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BY KUNO FISCHER
DESCARTES AND HIS SCHOOL
Translated from the Third and Revised German Edition
J. P. GORDY, Ph.D.
PROFESSOR OF PEDAGOGICS IN OHIO UNIVERSITY
NOAH PORTER, D.D., LL.D.
CHARLES SCRIBNER'S SONS
MONG the many histories of philosophy for which we are
indebted to modern research, the history of Modern Philosophy by Professor Kuno Fischer of Heidelberg is conspicuous for the courage with which the author grapples with the difficulties of his task and the success with which he overcomes them. Though he is by no means removed from criticism or controversy in respect to the interpretation which he gives of the writers and schools which he encounters, and in the positive and pronounced estimates and criticisms which he does not hesitate to give of their leading positions, he is uniformly clear, spirited, and exhaustive. He is also popular in the best sense of the term, being neither technical nor abstract beyond the necessities imposed by his theme, and connecting with the thorough and masterly discussion of schools and opinions as much of personal and general historic interest as could be expected or desired. For these reasons his history is, perhaps, more readable than any other, and is uniformly confessed by competent critics, whether friendly or otherwise, to be eminently attractive and exciting to the general student.
Hitherto only a small portion of this history has been translated into English, — for one reason among others, that the history itself is not yet complete, having as yet been finished to the end of Schelling's system and life, where it rests for obvious reasons with the author's unsatisfied desire satisfactorily to expound the development of the Hegelian theory of Being and of Knowledge. Meanwhile the result of his attempt to do this is awaited with more than ordinary interest by both the disciples and antagonists of Hegel and his critics. During this interval, there seems to be no reason why the earlier portion of this history should not be given to the English public, especially when we consider that the history of the school of Descartes, in many senses, and especially as treated by our author, stands by itself, and holds closer relations to all the forms of modern speculation than is commonly supposed.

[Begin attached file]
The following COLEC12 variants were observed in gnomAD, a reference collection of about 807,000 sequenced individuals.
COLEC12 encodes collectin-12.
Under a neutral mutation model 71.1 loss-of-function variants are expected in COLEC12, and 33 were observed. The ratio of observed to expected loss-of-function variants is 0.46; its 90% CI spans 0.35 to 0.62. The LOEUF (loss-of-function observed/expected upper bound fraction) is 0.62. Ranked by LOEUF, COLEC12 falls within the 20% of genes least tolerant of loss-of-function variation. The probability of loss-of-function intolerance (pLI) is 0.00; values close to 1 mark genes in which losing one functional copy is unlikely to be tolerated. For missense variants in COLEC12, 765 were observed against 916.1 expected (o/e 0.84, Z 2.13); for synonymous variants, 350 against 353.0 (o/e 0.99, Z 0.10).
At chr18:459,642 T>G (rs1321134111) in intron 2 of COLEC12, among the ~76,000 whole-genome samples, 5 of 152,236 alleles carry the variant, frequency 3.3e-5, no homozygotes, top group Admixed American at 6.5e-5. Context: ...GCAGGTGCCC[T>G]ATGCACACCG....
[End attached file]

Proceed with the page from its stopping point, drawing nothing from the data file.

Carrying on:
It should be remembered also, that this portion of the history has meanwhile passed to a third edition, and been carefully elaborated by the author. The general Introduction will be found to possess an independent interest.
For these reasons the publishers have decided to publish in two separate volumes a translation of that portion of this history which treats of Descartes and his school (including Spinoza), leaving the question at present undecided whether they shall publish the remainder of the history, being satisfied that the volumes which they offer to the public will in any event constitute a valuable addition to the library of the student of modern philosophy, which will, in an important sense, be complete by itself.
They are assured that the translation bas been made by a competent German scholar, who, in addition to his knowledge of the German language and his familiarity with German philosophy, has had the very great advantage of giving the study of several months to the critical study of the school of Descartes previously to undertaking this translation.
YALE COLLEGE, Dec. 14, 1886.
THE first volume of this work has been out of print for some
time. I have been unable to complete a thorough revision of it until during the present year, and I here present it in a third edition. When I published the second edition, I had written my history of modern philosophy as far as Kant. then, I have added Fichte and his Predecessors, and Schelling and his Period. Hegel, his School, and his Opponents, and the course of development of philosophy since Hegel, are still lacking. On account of the great difficulty of the subject, I have been obliged, for the sake of clearness, to treat it in such detail that the size and expensiveness of the work have increased beyond what I intended. For it is impossible to estimate the difficulties of one's own work, until one has realized them, and sought to overcome them. And if he should be so fortunate as to travel the toilsome road a second time, he will have acquired the strength to advance more easily and rapidly, as is often the case with long and fatiguing journeys. Brevity without injury to clearness is possible only after the most detailed exposition.
The size of the work in this new edition will be diminished by the more compact form in which the matter is printed. I seek to comply with this just desire of my publisher, while I oppose every kind of abridgment that is unfavorable to clear
With my method of exposition, I cannot attain brevity by omissions, but only by a corresponding treatment of all the various parts of the whole. This was one reason for this new revision, and is an essential part of it. It also seemed desirable